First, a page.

Bake the crust for 15 to 20 minutes, until very lightly browned. Let cool on a wire rack. Leave the oven on.
For the filling, whisk together the eggs, sugar, lemon zest, lemon juice, and flour. Pour over the crust and bake for 30 to 35 minutes, until the filling is set. Let cool to room temperature.
Cut into triangles and dust with confectioners’ sugar.
So TART! Lovely. Perfect for a birthday evening.
We’ve been having adventures! The kittens have been taken to the dreaded vet for their spaying and vaccinations, nail clipping and (I suspect) teeth whitening, since they look like Scarlett Johansson when they smile. And tonight the whole family gathered around for burgers and ribs on the grill, and the most wonderful grilled vegetables. Take a look at their before and after photographs…
3 tbsps each: sesame oil, olive oil
Fox Point Seasoning
Simply rub this all over:
eggplant, sweet peppers, zucchini, hot peppers
Grill on a medium heat for 15–20 minutes, turning twice… so simple. These vegetables are velvety, fresh, they retain all their color and personality, and are so perfect a foil for a rich, cheesey burger. Summer.
And my telly programme has aired! John has been the ultimate clever bunny and posted just the bits where I feature, and without the name of the programme itself, and you can find it here. Enjoy, until someone decides I’ve violated something and takes it down! I had an amazingly delightful time filming, and simply ignore the side ponytail… it was a week-long aberration and just happened to occur during the one day OF MY LIFE when I was on telly. I think it makes me look about twelve. Ah, well, I liked being twelve, so experiencing it twice can’t be too terrible.
I must collapse. Tomorrow will be an entire day of cooking, because Sunday, heaven help me, 35 or so people will descend on my house to celebrate its 200th anniversary! My mother will be celebrating her birthday too, but I’m too nice a daughter to publish her age on my blog, or for that matter, in frosting. And my dearest friend Becky and two of her three girls will be here with us, houseguests from North Carolina… there’s been an orgy of new sheets and pillowcase-buying, and tomorrow will be housecleaning too, to make everything gorgeous for my darlings. I’ll fill you in on the festivities when I’ve recovered, which could be.. awhile.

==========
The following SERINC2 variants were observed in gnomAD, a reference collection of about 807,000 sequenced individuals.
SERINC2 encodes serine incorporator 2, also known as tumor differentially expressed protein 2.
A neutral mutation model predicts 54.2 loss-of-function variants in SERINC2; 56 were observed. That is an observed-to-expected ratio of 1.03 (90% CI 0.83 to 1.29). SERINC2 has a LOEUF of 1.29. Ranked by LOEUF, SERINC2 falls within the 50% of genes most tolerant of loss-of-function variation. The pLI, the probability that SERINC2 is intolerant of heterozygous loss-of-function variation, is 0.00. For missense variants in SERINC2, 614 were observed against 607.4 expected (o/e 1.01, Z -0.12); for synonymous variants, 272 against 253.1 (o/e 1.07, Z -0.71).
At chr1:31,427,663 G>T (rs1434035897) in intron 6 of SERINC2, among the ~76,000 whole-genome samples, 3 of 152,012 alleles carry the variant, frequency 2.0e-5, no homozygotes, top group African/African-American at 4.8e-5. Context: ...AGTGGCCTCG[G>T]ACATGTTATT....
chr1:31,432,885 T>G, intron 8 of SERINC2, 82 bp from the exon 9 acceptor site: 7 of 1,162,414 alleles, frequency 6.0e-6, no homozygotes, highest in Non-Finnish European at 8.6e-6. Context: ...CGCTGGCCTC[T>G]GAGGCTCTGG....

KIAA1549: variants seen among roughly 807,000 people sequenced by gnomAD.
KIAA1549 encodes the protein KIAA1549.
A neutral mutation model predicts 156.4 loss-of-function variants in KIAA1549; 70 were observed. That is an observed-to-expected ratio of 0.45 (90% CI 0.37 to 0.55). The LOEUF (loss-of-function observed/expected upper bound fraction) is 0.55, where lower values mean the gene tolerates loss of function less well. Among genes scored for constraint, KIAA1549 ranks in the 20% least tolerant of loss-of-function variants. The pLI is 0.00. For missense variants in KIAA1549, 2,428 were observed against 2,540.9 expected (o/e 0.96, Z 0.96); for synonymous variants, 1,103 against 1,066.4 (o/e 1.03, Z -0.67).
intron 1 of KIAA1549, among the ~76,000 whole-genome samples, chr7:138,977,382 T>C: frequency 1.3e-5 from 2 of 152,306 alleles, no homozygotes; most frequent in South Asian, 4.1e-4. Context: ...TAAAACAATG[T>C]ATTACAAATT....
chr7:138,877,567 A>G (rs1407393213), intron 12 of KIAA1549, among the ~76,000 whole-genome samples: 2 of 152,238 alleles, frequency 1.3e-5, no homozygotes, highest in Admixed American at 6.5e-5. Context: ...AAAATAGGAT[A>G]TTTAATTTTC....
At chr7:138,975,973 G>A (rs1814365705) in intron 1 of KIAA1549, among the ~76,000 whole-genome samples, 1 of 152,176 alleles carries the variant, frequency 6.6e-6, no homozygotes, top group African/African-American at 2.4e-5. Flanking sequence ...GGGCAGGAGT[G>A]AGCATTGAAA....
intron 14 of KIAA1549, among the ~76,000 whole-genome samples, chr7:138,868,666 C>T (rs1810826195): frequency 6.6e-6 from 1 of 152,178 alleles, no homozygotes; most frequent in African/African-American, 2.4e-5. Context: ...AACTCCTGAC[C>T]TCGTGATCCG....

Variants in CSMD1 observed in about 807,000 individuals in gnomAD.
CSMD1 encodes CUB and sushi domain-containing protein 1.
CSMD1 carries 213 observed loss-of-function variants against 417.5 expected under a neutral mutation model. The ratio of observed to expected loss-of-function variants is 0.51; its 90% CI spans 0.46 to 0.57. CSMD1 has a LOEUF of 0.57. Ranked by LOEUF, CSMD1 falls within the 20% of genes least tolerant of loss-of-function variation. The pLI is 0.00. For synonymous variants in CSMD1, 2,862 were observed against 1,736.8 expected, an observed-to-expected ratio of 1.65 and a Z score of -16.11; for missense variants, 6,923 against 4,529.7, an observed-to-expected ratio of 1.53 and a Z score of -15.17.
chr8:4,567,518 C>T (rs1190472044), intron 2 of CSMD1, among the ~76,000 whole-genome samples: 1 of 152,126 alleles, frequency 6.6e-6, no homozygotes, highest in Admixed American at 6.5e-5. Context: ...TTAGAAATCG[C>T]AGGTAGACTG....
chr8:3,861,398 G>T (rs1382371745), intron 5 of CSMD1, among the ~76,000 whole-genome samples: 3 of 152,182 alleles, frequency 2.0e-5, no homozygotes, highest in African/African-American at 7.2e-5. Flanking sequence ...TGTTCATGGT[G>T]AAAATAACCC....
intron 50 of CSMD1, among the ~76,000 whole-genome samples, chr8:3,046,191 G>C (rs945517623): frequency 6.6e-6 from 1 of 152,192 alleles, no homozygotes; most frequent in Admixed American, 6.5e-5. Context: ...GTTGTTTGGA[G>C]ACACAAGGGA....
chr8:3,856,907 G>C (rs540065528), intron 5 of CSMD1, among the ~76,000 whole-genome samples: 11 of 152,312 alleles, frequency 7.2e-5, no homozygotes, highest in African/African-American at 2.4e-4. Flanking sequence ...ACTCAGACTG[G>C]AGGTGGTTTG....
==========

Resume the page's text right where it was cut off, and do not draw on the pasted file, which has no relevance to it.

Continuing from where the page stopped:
I know, Avery has already pointed out to me that “they” have done away with the Four Basic Food Groups. Now there is a pyramid, or some such. It’s very complex, with different sorts of Fats To Remember. I liked the old system, but I’ve made some adjustments. How about 1) Butter, 2) Salt, 3) Foie Gras, and 4) Garlic.
I LOVE garlic.
And it’s good for you! Not just in a “Twilight” kind of way, but truly good for your health, which is wonderful to hear because my family must reek of it. I like it minced to a tiny pulp with lemon juice and salt, sprinkled on a tomato. Simmering in a tomato sauce, waiting for meatballs. Stuffed under the skin of a roasting chicken, or mixed with goat cheese to spoon into a red pepper and baked till bubbling…
And then there’s pesto. My Italian mother-in-law first introduced me to pesto, which she made in vast quantities in her Iowa kitchen with basil from her garden. When would that have been? As early as 1984, when I sat down at her kitchen table and watched her work her magic as we chatted about my boyfriend, who we both agreed was practically perfect in every way… that’s a happy memory. Her freezer was always full of little jam jars of the green elixir, ready to be brought out on cold winter days to be mixed with hot spaghetti for a simple supper. She inspired John and me to go to the Union Square Farmer’s Market in New York and come home with armfuls of pungent basil to fill our own freezers…
Lemon in pesto? I think so. But it’s up to you. It couldn’t be simpler…
Just whizz up in your food processor the following ingredients, in the quantities that appeal to you (but I’ve given some basics):
(serves four as sauce for starter with pasta)
4 cups loosely packed whole fresh basil leaves
¾ cup extra virgin olive oil
juice ½ lemon
3 tbsps pine nuts
3 tbsps grated pecorino or Parmesan cheese
2 cloves garlic, roughly chopped
pinch sea salt to taste
Place all ingredients in food processor and blend till smooth, taking care to scrape the pesto away from the sides of the processor to incorporate all bits.
And then, for something lighter, to drizzle on your “everything in a lettuce leaf” supper, or just sprinkle on a piece of mozzarella-topped toast, there’s